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Four disparate characters find themselves linked together in Paradise City. Howard Pink is a wildly successful businessman still struggling to cope fifteen years after his nineteen-year-old daughter disappeared. Beatrice Kizza fled persecution from Uganda where homosexuality is illegal. She now works as a maid at a hotel Howard frequents. Esme Reade, an ambitious staff reporter on a Sunday tabloid, is desperate to get the Howard Pink interview for which all London reporters froth at the mouths. Carol Hetherington, a widow who has time to keep an eye on her neighbors' actions, makes an astonishing discovery.
Paradise City explores what a city means to those who come seeking their fortune or a better life. It is also a story of absence and loss, of how we shape ourselves around the spaces that people leave behind.
receptionist, the way her make-up acted both as deterrent and encouragement. He loved the apples in glass bowls, although he had eaten one once and been disappointed by its mustiness, the slight furry staleness that he can taste – even now – on the back of his tongue. He loved the furtive glances across lobby armchairs, the reassurance of anonymity, the cocoon of safety offered by the standardised semi-luxury of faux leather and freshly spritzed white orchids in pots. He loved the illicit
continues to protect his profit margin. He has been good to her too. Beatrice isn’t stupid. She knows he didn’t have to give her this job, that he was taking a risk by doing so. He could have pulled strings to have her deported, she is sure of it. Or he could have refused to meet her and, when she had gone to the press, he could simply have denied everything. Beatrice knows she probably wouldn’t have stood a chance against the full might of his legal team, even though she had kept the black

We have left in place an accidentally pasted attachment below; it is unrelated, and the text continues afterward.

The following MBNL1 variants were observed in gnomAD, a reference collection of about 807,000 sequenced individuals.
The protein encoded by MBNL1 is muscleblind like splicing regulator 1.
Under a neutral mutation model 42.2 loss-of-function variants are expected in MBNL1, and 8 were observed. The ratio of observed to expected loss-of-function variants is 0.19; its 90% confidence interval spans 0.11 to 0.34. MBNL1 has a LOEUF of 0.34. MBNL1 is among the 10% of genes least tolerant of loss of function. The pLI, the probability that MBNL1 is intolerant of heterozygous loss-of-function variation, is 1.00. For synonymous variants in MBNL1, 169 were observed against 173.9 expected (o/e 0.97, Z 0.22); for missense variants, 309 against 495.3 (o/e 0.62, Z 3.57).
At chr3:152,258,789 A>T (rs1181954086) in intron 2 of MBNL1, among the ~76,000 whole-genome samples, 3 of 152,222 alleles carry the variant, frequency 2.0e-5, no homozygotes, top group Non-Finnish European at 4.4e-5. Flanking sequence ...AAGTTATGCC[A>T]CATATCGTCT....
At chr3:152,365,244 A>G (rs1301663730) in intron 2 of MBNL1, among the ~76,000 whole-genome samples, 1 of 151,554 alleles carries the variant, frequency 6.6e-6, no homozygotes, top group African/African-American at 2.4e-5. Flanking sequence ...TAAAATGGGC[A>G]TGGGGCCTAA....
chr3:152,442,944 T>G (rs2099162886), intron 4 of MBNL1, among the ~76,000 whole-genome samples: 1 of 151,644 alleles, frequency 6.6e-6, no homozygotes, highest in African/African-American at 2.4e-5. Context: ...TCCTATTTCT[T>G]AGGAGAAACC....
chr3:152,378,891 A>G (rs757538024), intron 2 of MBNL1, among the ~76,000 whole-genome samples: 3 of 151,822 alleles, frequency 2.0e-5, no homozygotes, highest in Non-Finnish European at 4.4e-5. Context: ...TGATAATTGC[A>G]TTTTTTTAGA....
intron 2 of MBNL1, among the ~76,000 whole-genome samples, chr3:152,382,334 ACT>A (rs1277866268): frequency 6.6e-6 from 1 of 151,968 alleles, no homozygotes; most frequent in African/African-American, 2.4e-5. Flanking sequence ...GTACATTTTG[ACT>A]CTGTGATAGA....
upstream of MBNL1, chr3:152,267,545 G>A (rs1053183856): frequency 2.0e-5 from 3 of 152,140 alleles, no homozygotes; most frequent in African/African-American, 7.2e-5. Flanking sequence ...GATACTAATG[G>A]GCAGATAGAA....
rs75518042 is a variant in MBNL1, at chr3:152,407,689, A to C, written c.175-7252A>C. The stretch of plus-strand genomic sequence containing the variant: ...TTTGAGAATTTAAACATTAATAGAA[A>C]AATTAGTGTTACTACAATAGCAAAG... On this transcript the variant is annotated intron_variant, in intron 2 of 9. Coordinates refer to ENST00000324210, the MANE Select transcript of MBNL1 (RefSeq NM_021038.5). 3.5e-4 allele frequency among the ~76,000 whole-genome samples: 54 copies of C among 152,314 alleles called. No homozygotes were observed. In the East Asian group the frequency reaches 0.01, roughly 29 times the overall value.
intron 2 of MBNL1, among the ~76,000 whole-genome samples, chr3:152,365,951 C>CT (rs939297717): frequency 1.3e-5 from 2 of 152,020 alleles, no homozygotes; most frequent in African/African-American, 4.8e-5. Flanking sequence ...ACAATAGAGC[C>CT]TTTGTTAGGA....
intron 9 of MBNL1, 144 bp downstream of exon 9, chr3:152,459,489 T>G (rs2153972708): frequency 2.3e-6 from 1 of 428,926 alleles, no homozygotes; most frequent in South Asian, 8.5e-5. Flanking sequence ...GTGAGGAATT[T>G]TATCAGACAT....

The door handle light winks green. He enters. His luggage is already there, on the rack by the television. The inner curtains are half-drawn, the white net giving the room a drowsy, shadowed feel. The flat-screen television is set to a personalised welcome message. Two glass bottles of mineral water stand on the capacious desk. The mirrors are all discreetly tilted and lit in a way that makes him look at least ten pounds lighter. He knows, without having to open it, that the minibar will contain
all the others. Sober, he was a brilliant news editor: dogged but instinctive and blessed with a peculiar ability to inspire loyalty despite his personal failings. You genuinely wanted Dave to say something you did was good. In his day, he’d been a solid but unexceptional reporter on the Express and covered the first Iraq War. But it was editing that brought the best out of him, that played to his sense of mischief and his mistrust of authority. Esme sighs. She has a bit of a crush on Dave,
go through anorexia,’ Esme says, seizing on the chance to get the interview back on track. It’s a clumsy way to do it but she’s running out of time. Howard stares at her. He places the plate of biscuits back on the coffee tray without taking one. When he looks at her again, he seems to have made some kind of deal with himself, he seems to have decided to trust her. ‘Yeah,’ he says. ‘Ada struggled with loads of stuff.’ A pause. Outside, the tinny whine of an ambulance siren. Howard shifts in